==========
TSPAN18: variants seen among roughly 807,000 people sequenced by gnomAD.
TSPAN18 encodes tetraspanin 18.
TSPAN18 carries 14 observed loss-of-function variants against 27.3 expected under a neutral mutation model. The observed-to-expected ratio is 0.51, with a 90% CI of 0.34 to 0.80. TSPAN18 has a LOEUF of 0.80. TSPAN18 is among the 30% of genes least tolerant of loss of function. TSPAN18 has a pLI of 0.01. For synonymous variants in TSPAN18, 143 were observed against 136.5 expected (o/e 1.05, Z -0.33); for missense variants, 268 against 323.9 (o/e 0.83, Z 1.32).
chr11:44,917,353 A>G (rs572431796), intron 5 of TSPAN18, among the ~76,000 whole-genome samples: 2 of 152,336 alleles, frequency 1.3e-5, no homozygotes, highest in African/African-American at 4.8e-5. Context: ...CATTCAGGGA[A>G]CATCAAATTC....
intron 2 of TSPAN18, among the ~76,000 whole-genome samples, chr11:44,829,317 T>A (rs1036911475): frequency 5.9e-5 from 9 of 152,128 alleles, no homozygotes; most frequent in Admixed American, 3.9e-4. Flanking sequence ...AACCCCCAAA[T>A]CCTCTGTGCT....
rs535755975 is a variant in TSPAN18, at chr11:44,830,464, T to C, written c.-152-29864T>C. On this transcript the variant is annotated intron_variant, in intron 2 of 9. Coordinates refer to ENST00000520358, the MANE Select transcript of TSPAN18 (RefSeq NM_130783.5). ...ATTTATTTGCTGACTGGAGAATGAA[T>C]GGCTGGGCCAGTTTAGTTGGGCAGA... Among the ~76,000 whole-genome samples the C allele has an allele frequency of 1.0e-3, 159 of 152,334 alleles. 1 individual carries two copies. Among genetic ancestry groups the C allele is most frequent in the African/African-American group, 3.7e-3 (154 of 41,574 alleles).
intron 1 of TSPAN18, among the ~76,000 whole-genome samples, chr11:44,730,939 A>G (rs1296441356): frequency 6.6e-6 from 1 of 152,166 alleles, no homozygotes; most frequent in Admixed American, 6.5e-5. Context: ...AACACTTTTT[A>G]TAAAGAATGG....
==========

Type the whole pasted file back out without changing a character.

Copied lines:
TSPAN18: variants seen among roughly 807,000 people sequenced by gnomAD.
TSPAN18 encodes tetraspanin 18.
TSPAN18 carries 14 observed loss-of-function variants against 27.3 expected under a neutral mutation model. The observed-to-expected ratio is 0.51, with a 90% CI of 0.34 to 0.80. TSPAN18 has a LOEUF of 0.80. TSPAN18 is among the 30% of genes least tolerant of loss of function. TSPAN18 has a pLI of 0.01. For synonymous variants in TSPAN18, 143 were observed against 136.5 expected (o/e 1.05, Z -0.33); for missense variants, 268 against 323.9 (o/e 0.83, Z 1.32).
chr11:44,917,353 A>G (rs572431796), intron 5 of TSPAN18, among the ~76,000 whole-genome samples: 2 of 152,336 alleles, frequency 1.3e-5, no homozygotes, highest in African/African-American at 4.8e-5. Context: ...CATTCAGGGA[A>G]CATCAAATTC....
intron 2 of TSPAN18, among the ~76,000 whole-genome samples, chr11:44,829,317 T>A (rs1036911475): frequency 5.9e-5 from 9 of 152,128 alleles, no homozygotes; most frequent in Admixed American, 3.9e-4. Flanking sequence ...AACCCCCAAA[T>A]CCTCTGTGCT....
rs535755975 is a variant in TSPAN18, at chr11:44,830,464, T to C, written c.-152-29864T>C. On this transcript the variant is annotated intron_variant, in intron 2 of 9. Coordinates refer to ENST00000520358, the MANE Select transcript of TSPAN18 (RefSeq NM_130783.5). ...ATTTATTTGCTGACTGGAGAATGAA[T>C]GGCTGGGCCAGTTTAGTTGGGCAGA... Among the ~76,000 whole-genome samples the C allele has an allele frequency of 1.0e-3, 159 of 152,334 alleles. 1 individual carries two copies. Among genetic ancestry groups the C allele is most frequent in the African/African-American group, 3.7e-3 (154 of 41,574 alleles).
intron 1 of TSPAN18, among the ~76,000 whole-genome samples, chr11:44,730,939 A>G (rs1296441356): frequency 6.6e-6 from 1 of 152,166 alleles, no homozygotes; most frequent in Admixed American, 6.5e-5. Context: ...AACACTTTTT[A>G]TAAAGAATGG....